Vocal cord polyps, cysts, and nodules present as lesions on the vocal cord. They are noncancerous growths of varying size and structure. Their major symptom is vocal hoarseness, typically caused by vocal trauma or overuse.
Nodules are common vocal cord lesions that typically result from vocal overuse or misuse. By definition they are bilateral, meaning they occur on both vocal cords directly opposite each other. Therefore, nodules are always plural. Nodules are like “calluses” that result from chronic abnormal friction between the cords. Over time these raised “bumps” on the cords affect how well the vocal cords can vibrate during phonation. Nodules result in the cords incompletely closing during phonation so patients’ voices often sound airy or breathy and pitch breaks are common. Singers may notice their upper register is erratic or absent.
Vocal cord nodules can occur in all age groups affecting both men and women. They appear more commonly in young boys before puberty, but beginning during the teenage years, nodules are far more common in women. Persons most affected or susceptible to develop nodules talk a lot or have vocally demanding jobs.
Like many voice disorders, nodules are best diagnosed by an experienced ENT who can perform a laryngoscopy or stroboscopy to directly look at the vocal cords. This is a simple and painless in-office procedure. Of note, it’s worth mentioning that many vocal cord masses are incorrectly labeled as “nodules.” It’s important to be evaluated by experienced ENTs who understand vocal lesions to make the correct diagnosis and ensure nodules are not mistaken for other common problems like cysts or polyps that are distinctly different.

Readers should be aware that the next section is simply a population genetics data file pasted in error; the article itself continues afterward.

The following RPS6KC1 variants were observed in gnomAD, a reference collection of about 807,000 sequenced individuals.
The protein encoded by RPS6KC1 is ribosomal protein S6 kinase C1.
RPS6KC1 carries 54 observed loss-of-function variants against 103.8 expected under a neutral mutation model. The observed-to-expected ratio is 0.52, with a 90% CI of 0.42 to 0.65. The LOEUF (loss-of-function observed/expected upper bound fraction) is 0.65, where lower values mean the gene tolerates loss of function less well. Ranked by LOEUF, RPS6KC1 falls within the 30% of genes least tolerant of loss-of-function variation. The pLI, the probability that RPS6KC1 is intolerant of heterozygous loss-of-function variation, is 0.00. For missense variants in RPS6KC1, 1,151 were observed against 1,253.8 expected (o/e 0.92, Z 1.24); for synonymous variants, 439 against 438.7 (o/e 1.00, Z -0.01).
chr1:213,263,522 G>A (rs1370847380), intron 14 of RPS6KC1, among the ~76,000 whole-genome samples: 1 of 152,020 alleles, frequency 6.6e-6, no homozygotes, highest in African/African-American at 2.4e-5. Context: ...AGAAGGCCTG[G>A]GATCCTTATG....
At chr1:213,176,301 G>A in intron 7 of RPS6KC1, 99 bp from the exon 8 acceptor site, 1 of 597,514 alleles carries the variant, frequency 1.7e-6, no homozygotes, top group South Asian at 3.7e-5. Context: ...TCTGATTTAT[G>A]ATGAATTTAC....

Recommended treatment of vocal nodules is typically voice therapy and rarely requires surgery. Voice therapists help identify the underlying behavioral problems that created the nodules in the first place. By modifying how one uses their voice and creating healthy vocal habits, nodules usually resolve on their own.
- Caused by repetitive overuse of the voice
- Often referred to as “singer’s nodules”
- Most common in women between the ages of 20 and 50 years
- Appear as calluses under a microscope
- Can affect both men and women
Vocal misuse or overuse can result in vocal cord nodules or small bumps on each side of the vocal cords. Nodules don’t allow the cords to fully come together and vibrate normally. Patients with nodules have voice cracks or pitch breaks when talking or singing.
- Caused by misuse/overuse of the voice
- Appear as red blisters of varying shape and size
- Can affect one or both vocal cords
- Generally larger than nodules
- Is often caused by vocal cord abuse such as shouting, singing, and excessive talking
- May also be attributed to smoking, allergies, sinusitis, and in rare cases hypothyroidism
This patient has hoarseness due to a polyp on his left vocal cord. You can see how it impairs vibration while he is talking.
The same patient seen a few weeks after the left vocal cord polyp was surgically removed. Normal vibration of the cords has been restored and his voice is back to normal.
- Fluid filled sac with a semi solid center
- Present as mucus retention cysts or sebaceous cysts
- Less common than nodules or polyps
- Result of injury to the vocal cord
This patient has hoarseness due to a left vocal fold mass under the surface of the cord. You can see it affects the vibration and closure of the vocal folds when she is talking. The mass is a benign cyst.
This video shows the same patient a few weeks after surgical microflap excision of the left vocal fold cyst. Normal vocal fold closure and vibration have been restored, and her voice is back to normal.
Dr. King is a lead surgeon in endoscopic microsurgical procedures to correct and remove vocal cord lesions. Working in conjunction with a team of vocal therapists, Peak ENT leads the field in comprehensive and effective vocal cord care.